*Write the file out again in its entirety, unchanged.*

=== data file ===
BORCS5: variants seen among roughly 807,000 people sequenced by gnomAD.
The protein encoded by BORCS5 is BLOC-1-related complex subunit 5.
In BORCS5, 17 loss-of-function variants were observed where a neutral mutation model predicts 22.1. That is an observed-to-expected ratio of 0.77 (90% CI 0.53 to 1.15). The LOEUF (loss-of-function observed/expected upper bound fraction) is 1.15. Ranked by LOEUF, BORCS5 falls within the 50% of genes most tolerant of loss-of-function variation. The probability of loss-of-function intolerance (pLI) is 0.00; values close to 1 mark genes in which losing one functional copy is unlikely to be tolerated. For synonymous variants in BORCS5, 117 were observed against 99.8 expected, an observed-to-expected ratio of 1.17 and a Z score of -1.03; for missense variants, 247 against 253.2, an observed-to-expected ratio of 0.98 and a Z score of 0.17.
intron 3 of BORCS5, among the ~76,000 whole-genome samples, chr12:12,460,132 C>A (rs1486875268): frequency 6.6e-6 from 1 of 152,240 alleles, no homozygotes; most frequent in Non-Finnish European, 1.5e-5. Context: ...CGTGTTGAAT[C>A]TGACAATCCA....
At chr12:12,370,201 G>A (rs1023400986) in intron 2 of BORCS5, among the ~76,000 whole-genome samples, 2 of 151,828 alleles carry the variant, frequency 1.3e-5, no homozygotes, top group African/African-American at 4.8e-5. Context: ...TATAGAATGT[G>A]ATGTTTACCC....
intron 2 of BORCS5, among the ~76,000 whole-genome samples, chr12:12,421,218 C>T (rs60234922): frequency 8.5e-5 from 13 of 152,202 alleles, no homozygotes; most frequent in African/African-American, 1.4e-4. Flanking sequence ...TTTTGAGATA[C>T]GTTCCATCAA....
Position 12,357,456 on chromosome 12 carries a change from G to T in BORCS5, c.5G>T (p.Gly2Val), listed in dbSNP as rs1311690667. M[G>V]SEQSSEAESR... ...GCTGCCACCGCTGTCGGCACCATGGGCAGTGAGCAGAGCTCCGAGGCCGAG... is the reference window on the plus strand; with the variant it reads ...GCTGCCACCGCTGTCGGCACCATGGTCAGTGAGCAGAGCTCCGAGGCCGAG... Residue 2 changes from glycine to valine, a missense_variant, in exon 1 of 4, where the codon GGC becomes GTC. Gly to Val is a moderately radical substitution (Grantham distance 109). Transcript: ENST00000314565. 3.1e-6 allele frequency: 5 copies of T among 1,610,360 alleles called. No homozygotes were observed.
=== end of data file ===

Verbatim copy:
BORCS5: variants seen among roughly 807,000 people sequenced by gnomAD.
The protein encoded by BORCS5 is BLOC-1-related complex subunit 5.
In BORCS5, 17 loss-of-function variants were observed where a neutral mutation model predicts 22.1. That is an observed-to-expected ratio of 0.77 (90% CI 0.53 to 1.15). The LOEUF (loss-of-function observed/expected upper bound fraction) is 1.15. Ranked by LOEUF, BORCS5 falls within the 50% of genes most tolerant of loss-of-function variation. The probability of loss-of-function intolerance (pLI) is 0.00; values close to 1 mark genes in which losing one functional copy is unlikely to be tolerated. For synonymous variants in BORCS5, 117 were observed against 99.8 expected, an observed-to-expected ratio of 1.17 and a Z score of -1.03; for missense variants, 247 against 253.2, an observed-to-expected ratio of 0.98 and a Z score of 0.17.
intron 3 of BORCS5, among the ~76,000 whole-genome samples, chr12:12,460,132 C>A (rs1486875268): frequency 6.6e-6 from 1 of 152,240 alleles, no homozygotes; most frequent in Non-Finnish European, 1.5e-5. Context: ...CGTGTTGAAT[C>A]TGACAATCCA....
At chr12:12,370,201 G>A (rs1023400986) in intron 2 of BORCS5, among the ~76,000 whole-genome samples, 2 of 151,828 alleles carry the variant, frequency 1.3e-5, no homozygotes, top group African/African-American at 4.8e-5. Context: ...TATAGAATGT[G>A]ATGTTTACCC....
intron 2 of BORCS5, among the ~76,000 whole-genome samples, chr12:12,421,218 C>T (rs60234922): frequency 8.5e-5 from 13 of 152,202 alleles, no homozygotes; most frequent in African/African-American, 1.4e-4. Flanking sequence ...TTTTGAGATA[C>T]GTTCCATCAA....
Position 12,357,456 on chromosome 12 carries a change from G to T in BORCS5, c.5G>T (p.Gly2Val), listed in dbSNP as rs1311690667. M[G>V]SEQSSEAESR... ...GCTGCCACCGCTGTCGGCACCATGGGCAGTGAGCAGAGCTCCGAGGCCGAG... is the reference window on the plus strand; with the variant it reads ...GCTGCCACCGCTGTCGGCACCATGGTCAGTGAGCAGAGCTCCGAGGCCGAG... Residue 2 changes from glycine to valine, a missense_variant, in exon 1 of 4, where the codon GGC becomes GTC. Gly to Val is a moderately radical substitution (Grantham distance 109). Transcript: ENST00000314565. 3.1e-6 allele frequency: 5 copies of T among 1,610,360 alleles called. No homozygotes were observed.